For me, the case hinges on the extent to which Cisco knew — or should have known — how its products were used. China’s record with respect to Falun Gong and other dissident groups is well-known. Cisco’s vigorous denial of any knowledge of the oppressive use of its technology just don’t pass the giggle test. It will be interesting to see what the court case reveals about the ongoing relationship between Cisco and the Chinese security apparat — if Cisco had on-site techs helping to create and maintain Golden Shield, it will be hard for them to argue that they didn’t know what was going on.

Here is Cisco’s response to the lawsuit:

“Cisco does not operate networks in China or elsewhere, nor does Cisco customize our products in any way that would facilitate censorship or repression,” the representative said in a statement, adding that the company sells the same equipment in China that it sells in other nations in compliance with U.S. government regulations.

The Falun Gong suit further points to the legal headaches — and serious ethical and human rights violations — technology companies can step into as they seek to expand the global reach of their business. How much did Cisco know — or rather, how much will it claim that it knew?


Photo by infomatique.


john byrne
john byrne5 years ago

The crime that the Falun Gong are charged with amounts to freedom of expression, Iv seen the people getting arrested while the are in the process of what is a basic workout meditation the police in China are very aware when tourists are watching as they try to hide their heavy handed attack on its citizens as they are beaten on the moment of contact, its vital for China to control the masses as you cant have that many citizens all having free thoughts @ speech the regime just could not handle that much freedom of rights.Can Cisco be held responsible before the fact? however now that they have been made aware they certainly can be held to count in that they are aiding @ abetting crimes against humanity.Governments must be held responsible for their actions in dealing with China, as long as any Government will steel its face to slavery none of us can be truly safe this is why corporations feel free to flourish as they are following in the footsteps of its political leaders who much of the time are bought @ paid for by vested intrests.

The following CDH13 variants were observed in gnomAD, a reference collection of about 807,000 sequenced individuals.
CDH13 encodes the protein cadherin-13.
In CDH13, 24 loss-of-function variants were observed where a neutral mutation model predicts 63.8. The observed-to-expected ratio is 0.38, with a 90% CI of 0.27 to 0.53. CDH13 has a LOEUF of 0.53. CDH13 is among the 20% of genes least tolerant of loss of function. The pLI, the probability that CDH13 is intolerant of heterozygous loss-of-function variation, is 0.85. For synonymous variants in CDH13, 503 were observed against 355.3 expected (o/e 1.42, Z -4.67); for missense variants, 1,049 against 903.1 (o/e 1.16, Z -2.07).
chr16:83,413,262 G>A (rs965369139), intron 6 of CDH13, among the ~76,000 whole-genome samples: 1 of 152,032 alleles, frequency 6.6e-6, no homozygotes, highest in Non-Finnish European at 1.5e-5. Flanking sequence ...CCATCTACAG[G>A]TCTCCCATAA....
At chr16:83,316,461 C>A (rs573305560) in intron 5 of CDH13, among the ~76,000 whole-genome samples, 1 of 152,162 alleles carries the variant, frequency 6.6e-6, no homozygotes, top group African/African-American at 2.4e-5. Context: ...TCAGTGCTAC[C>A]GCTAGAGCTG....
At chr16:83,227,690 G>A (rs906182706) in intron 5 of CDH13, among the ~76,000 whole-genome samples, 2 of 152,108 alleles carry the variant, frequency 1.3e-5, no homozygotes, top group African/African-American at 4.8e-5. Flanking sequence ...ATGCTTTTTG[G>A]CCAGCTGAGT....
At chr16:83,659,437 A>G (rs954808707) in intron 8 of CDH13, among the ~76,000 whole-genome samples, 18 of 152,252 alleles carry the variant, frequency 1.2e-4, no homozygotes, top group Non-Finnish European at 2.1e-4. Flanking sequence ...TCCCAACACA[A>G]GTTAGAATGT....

Jordan W.
Jordan W.5 years ago

The execs involved at Cisco need to go to prison for this, preferably the labor camp in China.

Teresa Wlosowicz
Teresa W5 years ago

Money unites them...

Heidi Aubrey
Heidi Aubrey5 years ago

Unfortunately, they can use the same argument that assault rifle manufacturers use. There is absolute no other reason for the use of this weapon other than to kill people-not animals-birds,etc-but people exclusively. Yet they are able to claim it is the fault of owner, not the manufacturer.

Elizabeth Brawn
Elizabeth Brawn5 years ago

i hope the falun gong members win this courtcase and get alot of compensation especially since other sufferers may never have the freedom or the money for a lawsuit

Danny W.
Danny Wilson6 years ago

practice, practice, practice?

K s Goh
KS Goh6 years ago

Thanks for the article.

Terry Mckinney
Terry Mckinney6 years ago

Disgusting,but they do it here as well so what's the surprise?The US government should face a class action suit by every internet user in the country.Where's wikileaks when you need them?

Rosie Lopez
Rosie Lopez6 years ago

thanks for the article

Linda T.
Linda T6 years ago

I hope that if Cisco did help the Chinese government that there is a price for Cisco to be paid here.